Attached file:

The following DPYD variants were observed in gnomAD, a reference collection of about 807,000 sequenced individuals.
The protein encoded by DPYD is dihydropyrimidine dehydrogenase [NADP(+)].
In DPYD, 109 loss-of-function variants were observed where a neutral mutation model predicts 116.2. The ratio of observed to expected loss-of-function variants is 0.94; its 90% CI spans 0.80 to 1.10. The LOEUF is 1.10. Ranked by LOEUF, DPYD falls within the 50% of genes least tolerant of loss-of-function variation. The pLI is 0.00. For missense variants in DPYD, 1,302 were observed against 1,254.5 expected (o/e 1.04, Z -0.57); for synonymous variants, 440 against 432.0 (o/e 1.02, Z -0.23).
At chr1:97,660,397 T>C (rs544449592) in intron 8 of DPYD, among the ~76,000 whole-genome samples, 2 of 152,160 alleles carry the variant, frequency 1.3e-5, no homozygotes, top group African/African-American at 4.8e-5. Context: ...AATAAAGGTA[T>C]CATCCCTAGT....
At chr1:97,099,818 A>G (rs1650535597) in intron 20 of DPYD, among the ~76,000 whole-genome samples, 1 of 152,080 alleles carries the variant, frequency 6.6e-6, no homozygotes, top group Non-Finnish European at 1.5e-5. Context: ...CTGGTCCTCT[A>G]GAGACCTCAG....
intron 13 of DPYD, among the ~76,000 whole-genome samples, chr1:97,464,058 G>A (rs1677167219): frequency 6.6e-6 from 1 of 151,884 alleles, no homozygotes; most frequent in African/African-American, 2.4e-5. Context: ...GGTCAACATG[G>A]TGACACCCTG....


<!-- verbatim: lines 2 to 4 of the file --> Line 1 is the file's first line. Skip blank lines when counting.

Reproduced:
The protein encoded by DPYD is dihydropyrimidine dehydrogenase [NADP(+)].
In DPYD, 109 loss-of-function variants were observed where a neutral mutation model predicts 116.2. The ratio of observed to expected loss-of-function variants is 0.94; its 90% CI spans 0.80 to 1.10. The LOEUF is 1.10. Ranked by LOEUF, DPYD falls within the 50% of genes least tolerant of loss-of-function variation. The pLI is 0.00. For missense variants in DPYD, 1,302 were observed against 1,254.5 expected (o/e 1.04, Z -0.57); for synonymous variants, 440 against 432.0 (o/e 1.02, Z -0.23).
At chr1:97,660,397 T>C (rs544449592) in intron 8 of DPYD, among the ~76,000 whole-genome samples, 2 of 152,160 alleles carry the variant, frequency 1.3e-5, no homozygotes, top group African/African-American at 4.8e-5. Context: ...AATAAAGGTA[T>C]CATCCCTAGT....